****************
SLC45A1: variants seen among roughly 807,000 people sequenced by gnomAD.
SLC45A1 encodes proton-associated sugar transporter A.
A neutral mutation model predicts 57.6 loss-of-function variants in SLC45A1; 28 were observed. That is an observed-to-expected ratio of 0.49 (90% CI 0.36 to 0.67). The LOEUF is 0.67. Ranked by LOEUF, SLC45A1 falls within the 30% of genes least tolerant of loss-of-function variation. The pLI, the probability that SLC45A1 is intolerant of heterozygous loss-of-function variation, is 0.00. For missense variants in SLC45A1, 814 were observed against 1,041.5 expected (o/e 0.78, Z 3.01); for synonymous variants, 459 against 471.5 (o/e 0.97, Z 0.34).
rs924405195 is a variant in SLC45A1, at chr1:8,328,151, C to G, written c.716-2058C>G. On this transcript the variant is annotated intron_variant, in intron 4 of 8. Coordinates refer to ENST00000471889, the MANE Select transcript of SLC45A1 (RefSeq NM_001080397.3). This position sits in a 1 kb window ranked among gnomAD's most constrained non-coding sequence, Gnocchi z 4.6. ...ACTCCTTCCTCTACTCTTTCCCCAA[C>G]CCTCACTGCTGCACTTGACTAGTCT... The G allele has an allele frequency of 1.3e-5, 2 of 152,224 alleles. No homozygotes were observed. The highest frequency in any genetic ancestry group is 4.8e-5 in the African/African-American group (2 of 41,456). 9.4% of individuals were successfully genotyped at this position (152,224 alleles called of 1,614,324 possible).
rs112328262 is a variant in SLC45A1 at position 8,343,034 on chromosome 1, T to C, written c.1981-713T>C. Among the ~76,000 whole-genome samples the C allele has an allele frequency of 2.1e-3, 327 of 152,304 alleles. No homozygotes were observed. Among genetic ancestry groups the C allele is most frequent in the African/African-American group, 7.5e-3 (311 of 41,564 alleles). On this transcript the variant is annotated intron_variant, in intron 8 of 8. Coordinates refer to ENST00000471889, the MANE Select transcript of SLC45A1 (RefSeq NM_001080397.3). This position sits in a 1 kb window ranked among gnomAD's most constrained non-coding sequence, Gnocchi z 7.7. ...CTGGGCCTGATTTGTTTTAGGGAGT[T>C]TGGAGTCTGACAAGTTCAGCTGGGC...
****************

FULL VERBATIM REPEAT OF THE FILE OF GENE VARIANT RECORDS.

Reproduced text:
SLC45A1: variants seen among roughly 807,000 people sequenced by gnomAD.
SLC45A1 encodes proton-associated sugar transporter A.
A neutral mutation model predicts 57.6 loss-of-function variants in SLC45A1; 28 were observed. That is an observed-to-expected ratio of 0.49 (90% CI 0.36 to 0.67). The LOEUF is 0.67. Ranked by LOEUF, SLC45A1 falls within the 30% of genes least tolerant of loss-of-function variation. The pLI, the probability that SLC45A1 is intolerant of heterozygous loss-of-function variation, is 0.00. For missense variants in SLC45A1, 814 were observed against 1,041.5 expected (o/e 0.78, Z 3.01); for synonymous variants, 459 against 471.5 (o/e 0.97, Z 0.34).
rs924405195 is a variant in SLC45A1, at chr1:8,328,151, C to G, written c.716-2058C>G. On this transcript the variant is annotated intron_variant, in intron 4 of 8. Coordinates refer to ENST00000471889, the MANE Select transcript of SLC45A1 (RefSeq NM_001080397.3). This position sits in a 1 kb window ranked among gnomAD's most constrained non-coding sequence, Gnocchi z 4.6. ...ACTCCTTCCTCTACTCTTTCCCCAA[C>G]CCTCACTGCTGCACTTGACTAGTCT... The G allele has an allele frequency of 1.3e-5, 2 of 152,224 alleles. No homozygotes were observed. The highest frequency in any genetic ancestry group is 4.8e-5 in the African/African-American group (2 of 41,456). 9.4% of individuals were successfully genotyped at this position (152,224 alleles called of 1,614,324 possible).
rs112328262 is a variant in SLC45A1 at position 8,343,034 on chromosome 1, T to C, written c.1981-713T>C. Among the ~76,000 whole-genome samples the C allele has an allele frequency of 2.1e-3, 327 of 152,304 alleles. No homozygotes were observed. Among genetic ancestry groups the C allele is most frequent in the African/African-American group, 7.5e-3 (311 of 41,564 alleles). On this transcript the variant is annotated intron_variant, in intron 8 of 8. Coordinates refer to ENST00000471889, the MANE Select transcript of SLC45A1 (RefSeq NM_001080397.3). This position sits in a 1 kb window ranked among gnomAD's most constrained non-coding sequence, Gnocchi z 7.7. ...CTGGGCCTGATTTGTTTTAGGGAGT[T>C]TGGAGTCTGACAAGTTCAGCTGGGC...